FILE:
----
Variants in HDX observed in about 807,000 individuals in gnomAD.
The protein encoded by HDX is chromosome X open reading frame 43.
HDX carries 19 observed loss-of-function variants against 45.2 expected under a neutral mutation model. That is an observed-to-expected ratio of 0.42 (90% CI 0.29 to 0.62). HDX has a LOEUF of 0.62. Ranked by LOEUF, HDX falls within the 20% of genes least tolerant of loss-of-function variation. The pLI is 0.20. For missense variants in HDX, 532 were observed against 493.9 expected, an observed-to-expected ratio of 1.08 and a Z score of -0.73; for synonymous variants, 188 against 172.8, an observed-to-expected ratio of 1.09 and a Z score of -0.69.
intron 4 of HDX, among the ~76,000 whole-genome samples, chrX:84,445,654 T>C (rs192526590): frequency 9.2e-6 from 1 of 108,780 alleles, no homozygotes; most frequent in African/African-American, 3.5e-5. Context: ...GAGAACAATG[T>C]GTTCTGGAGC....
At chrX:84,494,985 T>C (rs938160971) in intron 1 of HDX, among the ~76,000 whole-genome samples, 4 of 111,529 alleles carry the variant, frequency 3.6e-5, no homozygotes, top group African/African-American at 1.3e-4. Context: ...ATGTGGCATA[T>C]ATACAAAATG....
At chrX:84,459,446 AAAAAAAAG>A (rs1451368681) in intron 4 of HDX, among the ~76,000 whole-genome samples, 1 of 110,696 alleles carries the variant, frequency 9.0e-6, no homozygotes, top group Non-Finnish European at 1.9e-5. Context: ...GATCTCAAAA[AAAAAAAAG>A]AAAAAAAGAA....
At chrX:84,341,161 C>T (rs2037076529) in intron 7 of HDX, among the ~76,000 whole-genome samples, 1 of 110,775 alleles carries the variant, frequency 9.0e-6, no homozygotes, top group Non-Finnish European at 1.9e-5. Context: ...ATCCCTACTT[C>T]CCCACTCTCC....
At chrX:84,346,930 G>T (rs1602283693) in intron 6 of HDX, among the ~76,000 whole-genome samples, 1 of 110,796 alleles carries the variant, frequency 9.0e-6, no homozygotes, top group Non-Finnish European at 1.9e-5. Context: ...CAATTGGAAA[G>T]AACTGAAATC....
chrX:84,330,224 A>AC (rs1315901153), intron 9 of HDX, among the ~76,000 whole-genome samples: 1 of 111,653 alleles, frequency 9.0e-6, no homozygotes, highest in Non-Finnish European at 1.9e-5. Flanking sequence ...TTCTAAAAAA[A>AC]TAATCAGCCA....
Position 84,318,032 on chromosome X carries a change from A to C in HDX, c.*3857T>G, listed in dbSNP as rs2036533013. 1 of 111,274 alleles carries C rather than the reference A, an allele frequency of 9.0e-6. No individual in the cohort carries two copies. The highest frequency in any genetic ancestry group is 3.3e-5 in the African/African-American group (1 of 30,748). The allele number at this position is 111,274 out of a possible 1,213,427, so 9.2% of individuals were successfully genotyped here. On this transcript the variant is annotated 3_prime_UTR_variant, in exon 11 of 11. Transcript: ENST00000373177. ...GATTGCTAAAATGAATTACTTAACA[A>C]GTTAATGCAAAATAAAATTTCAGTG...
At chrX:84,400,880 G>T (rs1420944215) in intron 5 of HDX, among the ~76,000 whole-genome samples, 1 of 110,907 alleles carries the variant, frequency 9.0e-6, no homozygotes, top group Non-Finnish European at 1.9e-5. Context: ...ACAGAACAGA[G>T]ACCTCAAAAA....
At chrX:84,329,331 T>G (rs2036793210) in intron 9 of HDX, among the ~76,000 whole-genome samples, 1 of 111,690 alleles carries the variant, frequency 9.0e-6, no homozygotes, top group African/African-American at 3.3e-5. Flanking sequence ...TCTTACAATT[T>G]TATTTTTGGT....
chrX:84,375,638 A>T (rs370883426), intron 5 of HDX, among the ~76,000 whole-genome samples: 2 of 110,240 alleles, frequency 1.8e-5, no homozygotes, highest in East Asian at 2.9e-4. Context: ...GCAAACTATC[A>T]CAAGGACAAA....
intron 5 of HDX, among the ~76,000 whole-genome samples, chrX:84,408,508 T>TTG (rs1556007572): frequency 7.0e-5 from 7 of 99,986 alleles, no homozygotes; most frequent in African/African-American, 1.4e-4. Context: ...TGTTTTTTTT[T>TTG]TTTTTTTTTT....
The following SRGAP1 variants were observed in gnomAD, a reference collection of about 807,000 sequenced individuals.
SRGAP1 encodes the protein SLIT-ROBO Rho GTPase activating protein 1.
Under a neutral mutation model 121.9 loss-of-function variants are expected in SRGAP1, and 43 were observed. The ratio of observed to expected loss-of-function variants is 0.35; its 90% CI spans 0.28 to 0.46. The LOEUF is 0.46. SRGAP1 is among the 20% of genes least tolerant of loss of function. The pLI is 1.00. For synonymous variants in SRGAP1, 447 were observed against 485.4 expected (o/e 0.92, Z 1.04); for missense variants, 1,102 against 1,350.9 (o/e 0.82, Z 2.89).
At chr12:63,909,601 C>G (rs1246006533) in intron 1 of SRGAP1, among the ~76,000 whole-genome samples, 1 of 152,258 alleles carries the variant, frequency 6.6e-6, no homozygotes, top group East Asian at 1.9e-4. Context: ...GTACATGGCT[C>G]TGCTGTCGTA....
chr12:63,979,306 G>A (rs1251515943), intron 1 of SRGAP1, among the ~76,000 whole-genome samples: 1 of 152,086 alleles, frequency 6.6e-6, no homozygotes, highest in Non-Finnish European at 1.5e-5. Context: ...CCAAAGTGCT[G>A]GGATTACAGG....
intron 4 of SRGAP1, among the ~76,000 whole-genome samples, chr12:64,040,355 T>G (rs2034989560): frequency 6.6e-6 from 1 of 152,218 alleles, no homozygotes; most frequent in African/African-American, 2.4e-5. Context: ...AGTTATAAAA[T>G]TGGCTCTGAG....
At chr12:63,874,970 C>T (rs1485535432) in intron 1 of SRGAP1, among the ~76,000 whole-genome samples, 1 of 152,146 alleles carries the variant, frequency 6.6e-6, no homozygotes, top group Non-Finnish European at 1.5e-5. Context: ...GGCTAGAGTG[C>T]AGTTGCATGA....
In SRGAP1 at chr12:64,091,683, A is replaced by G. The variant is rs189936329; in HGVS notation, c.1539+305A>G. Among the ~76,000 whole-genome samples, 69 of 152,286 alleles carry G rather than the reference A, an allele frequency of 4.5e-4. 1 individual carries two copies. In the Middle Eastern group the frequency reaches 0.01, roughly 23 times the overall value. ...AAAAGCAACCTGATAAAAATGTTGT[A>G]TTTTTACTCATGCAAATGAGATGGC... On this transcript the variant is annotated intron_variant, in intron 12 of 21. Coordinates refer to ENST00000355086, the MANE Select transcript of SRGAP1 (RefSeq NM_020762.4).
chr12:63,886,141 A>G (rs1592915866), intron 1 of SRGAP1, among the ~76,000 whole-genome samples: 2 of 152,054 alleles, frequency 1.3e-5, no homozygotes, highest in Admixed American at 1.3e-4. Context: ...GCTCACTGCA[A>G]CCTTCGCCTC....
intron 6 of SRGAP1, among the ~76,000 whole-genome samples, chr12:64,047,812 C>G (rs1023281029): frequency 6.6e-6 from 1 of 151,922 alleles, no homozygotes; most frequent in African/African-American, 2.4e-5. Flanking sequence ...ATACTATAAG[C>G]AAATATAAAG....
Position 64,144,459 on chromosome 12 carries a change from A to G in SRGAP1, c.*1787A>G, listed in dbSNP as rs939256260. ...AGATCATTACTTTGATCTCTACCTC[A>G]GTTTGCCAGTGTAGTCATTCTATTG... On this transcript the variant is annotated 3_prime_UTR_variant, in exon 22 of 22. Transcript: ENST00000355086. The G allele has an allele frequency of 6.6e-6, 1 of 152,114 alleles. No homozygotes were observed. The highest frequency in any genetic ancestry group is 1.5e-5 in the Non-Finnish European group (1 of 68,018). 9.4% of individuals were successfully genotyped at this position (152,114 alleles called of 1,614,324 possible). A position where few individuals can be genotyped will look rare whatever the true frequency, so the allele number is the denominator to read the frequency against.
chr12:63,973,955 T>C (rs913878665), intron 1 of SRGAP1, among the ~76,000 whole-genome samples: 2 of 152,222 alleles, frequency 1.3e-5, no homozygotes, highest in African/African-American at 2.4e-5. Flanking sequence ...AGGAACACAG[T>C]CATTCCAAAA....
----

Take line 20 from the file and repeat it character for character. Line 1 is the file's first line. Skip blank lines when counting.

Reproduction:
intron 4 of SRGAP1, among the ~76,000 whole-genome samples, chr12:64,040,355 T>G (rs2034989560): frequency 6.6e-6 from 1 of 152,218 alleles, no homozygotes; most frequent in African/African-American, 2.4e-5. Context: ...AGTTATAAAA[T>G]TGGCTCTGAG....